|Publication number||US4938369 A|
|Application number||US 07/370,643|
|Publication date||Jul 3, 1990|
|Filing date||Jun 22, 1989|
|Priority date||Jun 22, 1989|
|Publication number||07370643, 370643, US 4938369 A, US 4938369A, US-A-4938369, US4938369 A, US4938369A|
|Inventors||Brian D. Carilli|
|Original Assignee||Carilli Brian D|
|Export Citation||BiBTeX, EndNote, RefMan|
|Patent Citations (6), Non-Patent Citations (6), Referenced by (33), Classifications (6), Legal Events (6)|
|External Links: USPTO, USPTO Assignment, Espacenet|
1. Field of the Invention
The present invention relates generally to a system for the support of test tubes. More specifically, the present invention relates to a system which can simultaneously support test tubes of varying sizes.
2. Description of the Prior Art
In carrying out complex chemical or biological experiments, it is often necessary to deal with many different kinds of liquids within a given time frame. Many of these solutions need to be easily and repeatedly available for sampling. Hence, these materials are usually stored vertically, in upright test tubes. Different sizes of test tube are necessary for storing different types of solutions.
Currently, there are test tube racks available for all of the different sizes of manufactured test tubes. However, in order to cover the needs for any one given experiment, perhaps as many as four different types of test tube racks must be easily within reach, to store the different sizes of test tubes containing the varying chemical solutions. This inefficient use of laboratory benchtop space is a shortcoming of the prior art.
An additional shortcoming of the currently available test tube racks is a requirement for long-term storage of multiple types and sizes of support racks; the different racks can't stack together and hence do not make efficient use of storage space.
A final shortcoming of prior art is that many racks are constructed of materials which cannot withstand extremes of temperature. Chemical solutions often need to be subjected to freezing or boiling, and so test tube racks should have the option of being constructed out of material which is able to withstand these conditions, to prevent the necessity of transferring the solutions to separate containers.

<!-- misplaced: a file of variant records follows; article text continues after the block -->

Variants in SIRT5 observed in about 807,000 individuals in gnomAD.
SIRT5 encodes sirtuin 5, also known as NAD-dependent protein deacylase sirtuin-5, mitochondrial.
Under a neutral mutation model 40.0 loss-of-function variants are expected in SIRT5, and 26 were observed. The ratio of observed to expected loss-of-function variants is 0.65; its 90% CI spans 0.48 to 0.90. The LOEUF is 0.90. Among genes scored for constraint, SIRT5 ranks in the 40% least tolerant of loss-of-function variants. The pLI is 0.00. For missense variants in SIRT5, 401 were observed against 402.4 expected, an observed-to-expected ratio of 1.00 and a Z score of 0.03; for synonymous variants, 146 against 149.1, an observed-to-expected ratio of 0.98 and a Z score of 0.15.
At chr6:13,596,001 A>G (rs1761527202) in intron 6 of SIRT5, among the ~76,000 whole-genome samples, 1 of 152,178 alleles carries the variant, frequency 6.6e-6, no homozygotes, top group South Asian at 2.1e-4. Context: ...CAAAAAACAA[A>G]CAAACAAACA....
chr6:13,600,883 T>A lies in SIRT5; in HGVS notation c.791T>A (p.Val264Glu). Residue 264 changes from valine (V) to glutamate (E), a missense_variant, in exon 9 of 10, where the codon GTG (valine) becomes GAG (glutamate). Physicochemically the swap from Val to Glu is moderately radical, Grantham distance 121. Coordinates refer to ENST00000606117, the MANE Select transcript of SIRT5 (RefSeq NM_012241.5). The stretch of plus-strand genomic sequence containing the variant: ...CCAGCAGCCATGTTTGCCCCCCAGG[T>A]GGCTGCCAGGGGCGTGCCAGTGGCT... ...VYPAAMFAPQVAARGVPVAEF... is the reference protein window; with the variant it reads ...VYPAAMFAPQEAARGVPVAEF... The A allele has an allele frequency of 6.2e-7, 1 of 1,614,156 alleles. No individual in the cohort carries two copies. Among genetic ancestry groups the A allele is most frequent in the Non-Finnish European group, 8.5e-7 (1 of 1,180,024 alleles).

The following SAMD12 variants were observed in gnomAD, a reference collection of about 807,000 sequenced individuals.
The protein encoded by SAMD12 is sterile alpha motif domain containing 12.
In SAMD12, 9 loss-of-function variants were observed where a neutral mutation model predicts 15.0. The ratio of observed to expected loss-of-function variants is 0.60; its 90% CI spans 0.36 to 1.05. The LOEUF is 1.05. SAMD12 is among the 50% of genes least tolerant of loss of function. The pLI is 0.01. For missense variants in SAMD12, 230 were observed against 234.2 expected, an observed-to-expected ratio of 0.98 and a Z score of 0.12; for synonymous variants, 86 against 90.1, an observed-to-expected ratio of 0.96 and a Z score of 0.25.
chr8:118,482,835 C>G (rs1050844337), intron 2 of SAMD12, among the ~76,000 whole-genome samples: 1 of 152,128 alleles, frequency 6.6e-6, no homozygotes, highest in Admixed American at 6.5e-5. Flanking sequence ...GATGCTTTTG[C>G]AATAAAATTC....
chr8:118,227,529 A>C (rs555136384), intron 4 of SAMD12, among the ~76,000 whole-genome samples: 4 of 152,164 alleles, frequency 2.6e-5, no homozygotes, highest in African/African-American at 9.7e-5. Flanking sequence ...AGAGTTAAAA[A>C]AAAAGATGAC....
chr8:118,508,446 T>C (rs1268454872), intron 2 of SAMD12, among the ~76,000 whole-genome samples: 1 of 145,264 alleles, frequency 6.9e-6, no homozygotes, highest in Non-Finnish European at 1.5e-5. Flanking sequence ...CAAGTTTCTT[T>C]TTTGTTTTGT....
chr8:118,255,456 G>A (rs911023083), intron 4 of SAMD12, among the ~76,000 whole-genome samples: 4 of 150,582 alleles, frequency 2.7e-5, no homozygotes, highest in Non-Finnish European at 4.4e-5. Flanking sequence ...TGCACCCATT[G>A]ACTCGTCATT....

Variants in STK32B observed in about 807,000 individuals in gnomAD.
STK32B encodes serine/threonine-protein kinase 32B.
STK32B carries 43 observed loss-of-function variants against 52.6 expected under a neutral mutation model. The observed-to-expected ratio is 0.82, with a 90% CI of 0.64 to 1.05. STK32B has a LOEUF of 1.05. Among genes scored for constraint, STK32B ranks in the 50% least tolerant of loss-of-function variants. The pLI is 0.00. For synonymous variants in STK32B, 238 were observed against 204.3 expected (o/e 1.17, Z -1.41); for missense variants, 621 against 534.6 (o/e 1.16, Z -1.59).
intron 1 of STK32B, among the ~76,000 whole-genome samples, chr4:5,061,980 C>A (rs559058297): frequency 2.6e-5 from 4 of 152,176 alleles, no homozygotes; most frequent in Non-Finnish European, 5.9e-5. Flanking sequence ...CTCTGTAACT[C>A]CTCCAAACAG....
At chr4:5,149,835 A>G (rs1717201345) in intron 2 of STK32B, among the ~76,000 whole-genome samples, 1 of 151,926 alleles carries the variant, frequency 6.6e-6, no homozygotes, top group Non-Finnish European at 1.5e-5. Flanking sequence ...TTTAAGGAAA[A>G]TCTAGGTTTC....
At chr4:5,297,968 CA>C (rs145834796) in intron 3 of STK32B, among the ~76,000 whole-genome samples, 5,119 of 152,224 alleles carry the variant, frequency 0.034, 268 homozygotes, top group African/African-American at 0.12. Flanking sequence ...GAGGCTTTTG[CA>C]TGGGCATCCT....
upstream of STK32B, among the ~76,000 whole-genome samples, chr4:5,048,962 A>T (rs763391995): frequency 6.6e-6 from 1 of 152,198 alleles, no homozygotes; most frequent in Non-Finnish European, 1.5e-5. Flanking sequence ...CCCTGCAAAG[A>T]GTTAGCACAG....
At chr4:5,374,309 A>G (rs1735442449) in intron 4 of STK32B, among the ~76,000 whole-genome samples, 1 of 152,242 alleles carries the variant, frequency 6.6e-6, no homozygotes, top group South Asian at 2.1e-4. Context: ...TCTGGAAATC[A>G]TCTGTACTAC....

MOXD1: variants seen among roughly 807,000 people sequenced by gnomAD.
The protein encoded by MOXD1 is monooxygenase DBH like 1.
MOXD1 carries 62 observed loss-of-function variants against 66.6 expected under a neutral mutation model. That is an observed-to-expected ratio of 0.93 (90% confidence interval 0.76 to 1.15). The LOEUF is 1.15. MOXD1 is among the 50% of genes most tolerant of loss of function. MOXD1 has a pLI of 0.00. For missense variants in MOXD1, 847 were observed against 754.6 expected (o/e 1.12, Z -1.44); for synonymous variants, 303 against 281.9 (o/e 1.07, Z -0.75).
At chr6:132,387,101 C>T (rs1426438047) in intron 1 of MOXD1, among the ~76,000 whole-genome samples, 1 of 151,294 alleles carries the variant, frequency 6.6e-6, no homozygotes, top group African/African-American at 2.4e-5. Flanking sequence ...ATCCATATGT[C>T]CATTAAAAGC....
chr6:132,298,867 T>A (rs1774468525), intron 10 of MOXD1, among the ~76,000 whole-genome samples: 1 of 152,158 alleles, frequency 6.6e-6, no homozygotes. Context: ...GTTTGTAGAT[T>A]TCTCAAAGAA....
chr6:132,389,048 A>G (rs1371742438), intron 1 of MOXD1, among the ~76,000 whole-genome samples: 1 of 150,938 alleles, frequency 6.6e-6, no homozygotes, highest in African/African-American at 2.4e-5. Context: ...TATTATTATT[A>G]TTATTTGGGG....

Accordingly, it is an object of this invention to provide a test tube support system which can be used to support multiple sizes of test tubes simultaneously.
It is another object of the invention to provide a test tube support system which is able to be efficiently stored.
The attainment of these and related objects may be achieved through the use of the novel test tube support system herein disclosed. The advantages and features of the invention should be more readily apparent to those skilled in the art, after review of the following more detailed description of the invention, taken together with the drawings, in which:
FIG. 1 is a perspective view of an individual module of the multiple-option test tube support system.
FIG. 2 is a perspective view of four modules contained within a carrying tray according to the preferred embodiment.
FIG. 3 is a front sectional view of the multiple-option test tube support system according to the preferred embodiment.
FIG. 4 is a top sectional view of the multiple-option test tube support system according to the preferred embodiment.
FIG. 5 is a perspective view of an alternative embodiment of the preferred embodiment wherein a rotatable mechanism replaces the need for a carrying tray for individual modules.
Turning now to the drawings, two embodiments are represented. The first, illustrated in FIGS. 2-4, consists of four individual multiple-option test tube support modules (MOTTSM) (FIG. 1) contained within a carrying tray. The second, illustrated in FIG. 5, demonstrates a rotatable mechanism which allows four MOTTSM to be attached without the use of a carrying tray.